- Probiotic supplement (containing Lactobacillus acidophilus), for gastrointestinal and immune health. Taking antibiotics can upset the balance between good and bad bacteria in your gut and cause diarrhea. Taking probiotics, or “friendly” bacteria, may help restore the right balance. If you take drugs to suppress your immune system, or have a weakened immune system, ask your doctor before taking probiotics.
Herbs are a way to strengthen and tone the body’s systems. As with any therapy, you should work with your health care provider before starting treatment.
The following herbs have not been studied for treating mono, but they are sometimes suggested because they strengthen the immune system:
- Green tea (Camellia sinensis). For antioxidant, anti-inflammatory, and immune effects. Use caffeine-free products. You may also make teas from the leaf of this herb.
- Echinacea (Echinacea purpurea). To strengthen the immune system. DO NOT give echinacea to a child without talking to your doctor first. People with autoimmune diseases, such as rheumatoid arthritis, should not take echinacea. People who have ragweed allergies should be extra cautious since they may be allergic to Echinacea as well.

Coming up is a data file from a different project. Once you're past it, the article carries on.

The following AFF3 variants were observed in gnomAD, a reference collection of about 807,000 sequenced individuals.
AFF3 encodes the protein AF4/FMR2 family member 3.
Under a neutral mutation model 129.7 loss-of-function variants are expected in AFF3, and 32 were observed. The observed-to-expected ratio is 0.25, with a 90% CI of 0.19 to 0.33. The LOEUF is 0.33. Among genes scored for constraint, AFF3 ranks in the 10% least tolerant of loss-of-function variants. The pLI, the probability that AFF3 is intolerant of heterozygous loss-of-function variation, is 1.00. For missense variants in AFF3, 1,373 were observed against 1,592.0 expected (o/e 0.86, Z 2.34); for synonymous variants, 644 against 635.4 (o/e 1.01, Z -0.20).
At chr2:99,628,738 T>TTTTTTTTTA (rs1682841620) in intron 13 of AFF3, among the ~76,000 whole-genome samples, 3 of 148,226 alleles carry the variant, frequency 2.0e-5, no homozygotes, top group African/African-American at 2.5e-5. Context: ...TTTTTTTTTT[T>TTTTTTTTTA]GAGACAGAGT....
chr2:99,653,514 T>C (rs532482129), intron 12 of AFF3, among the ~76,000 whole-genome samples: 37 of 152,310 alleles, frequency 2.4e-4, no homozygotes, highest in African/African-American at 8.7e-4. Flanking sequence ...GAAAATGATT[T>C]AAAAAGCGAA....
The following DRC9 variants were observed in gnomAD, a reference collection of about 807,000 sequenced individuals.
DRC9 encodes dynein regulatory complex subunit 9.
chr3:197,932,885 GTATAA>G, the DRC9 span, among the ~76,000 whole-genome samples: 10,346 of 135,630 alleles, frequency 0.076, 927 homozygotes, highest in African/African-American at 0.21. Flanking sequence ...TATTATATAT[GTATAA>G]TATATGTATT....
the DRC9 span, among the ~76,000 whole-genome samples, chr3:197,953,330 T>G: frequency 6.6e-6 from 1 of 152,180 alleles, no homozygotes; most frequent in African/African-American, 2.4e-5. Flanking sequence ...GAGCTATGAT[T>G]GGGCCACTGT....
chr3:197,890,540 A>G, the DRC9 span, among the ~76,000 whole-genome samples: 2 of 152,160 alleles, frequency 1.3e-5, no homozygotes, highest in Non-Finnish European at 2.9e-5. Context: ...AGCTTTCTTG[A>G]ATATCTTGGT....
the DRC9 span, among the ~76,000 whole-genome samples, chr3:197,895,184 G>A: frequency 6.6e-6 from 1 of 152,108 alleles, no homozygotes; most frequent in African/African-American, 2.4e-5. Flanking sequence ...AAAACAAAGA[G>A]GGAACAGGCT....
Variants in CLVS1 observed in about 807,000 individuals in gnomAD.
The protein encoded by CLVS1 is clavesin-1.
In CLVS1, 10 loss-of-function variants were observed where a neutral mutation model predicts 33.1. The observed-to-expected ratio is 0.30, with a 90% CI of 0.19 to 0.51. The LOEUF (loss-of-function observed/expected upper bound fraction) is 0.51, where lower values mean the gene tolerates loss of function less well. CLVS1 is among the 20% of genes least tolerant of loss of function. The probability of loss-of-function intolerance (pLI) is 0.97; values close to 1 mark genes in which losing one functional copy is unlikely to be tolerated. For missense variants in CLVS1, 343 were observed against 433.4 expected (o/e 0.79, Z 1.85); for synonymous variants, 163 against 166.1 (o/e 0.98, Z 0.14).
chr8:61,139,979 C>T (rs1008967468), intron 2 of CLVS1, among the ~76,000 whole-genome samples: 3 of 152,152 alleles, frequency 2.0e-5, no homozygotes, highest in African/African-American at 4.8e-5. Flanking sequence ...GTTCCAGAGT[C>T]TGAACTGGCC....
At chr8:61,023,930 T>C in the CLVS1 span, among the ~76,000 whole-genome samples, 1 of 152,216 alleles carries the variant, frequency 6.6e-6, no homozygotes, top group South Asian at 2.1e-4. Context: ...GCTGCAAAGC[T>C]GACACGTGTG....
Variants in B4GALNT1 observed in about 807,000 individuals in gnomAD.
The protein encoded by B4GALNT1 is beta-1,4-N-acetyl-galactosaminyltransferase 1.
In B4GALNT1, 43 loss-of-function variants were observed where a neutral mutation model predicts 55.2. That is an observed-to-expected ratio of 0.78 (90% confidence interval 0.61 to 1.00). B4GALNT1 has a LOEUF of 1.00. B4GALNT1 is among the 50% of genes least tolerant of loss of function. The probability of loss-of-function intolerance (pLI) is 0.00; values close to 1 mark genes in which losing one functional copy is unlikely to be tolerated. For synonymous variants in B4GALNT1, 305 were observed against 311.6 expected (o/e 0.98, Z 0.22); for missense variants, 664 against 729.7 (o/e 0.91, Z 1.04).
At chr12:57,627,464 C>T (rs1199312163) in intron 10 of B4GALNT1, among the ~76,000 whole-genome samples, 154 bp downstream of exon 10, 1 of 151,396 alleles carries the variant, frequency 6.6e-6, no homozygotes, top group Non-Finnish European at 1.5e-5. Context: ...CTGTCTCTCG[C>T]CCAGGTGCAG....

- Astragalus (Astragalus membranaceus). Has not been studied for mono, but it does seem to kill viruses, at least in test tube studies. Researchers don’t know whether it would work against the EBV. People who have autoimmune diseases, such as rheumatoid arthritis, or who take anticoagulants (blood-thinners), diuretics (water pills), lithium, cyclophosphamide (Cytoxan), medication for high blood pressure, or medication to lower blood sugar should not take astragalus without talking to their doctor first.
- Cranberry (Vaccinium macrocarpon). Appears to fight viruses, although no one knows whether it works against the EBV. Cranberry may increase the risk of bleeding, especially if you also take blood thinners. People who are allergic to aspirin should not take cranberry supplements or drink large amounts of cranberry juice.
Few studies have examined the effectiveness of specific homeopathic remedies. A professional homeopath, however, may recommend one or more of the following treatments for mono based on his or her knowledge and clinical experience. Before prescribing a remedy, homeopaths take into account a person’s constitutional type, includes your physical, emotional, and intellectual makeup. An experienced homeopath assesses all of these factors when determining the most appropriate remedy for a particular individual.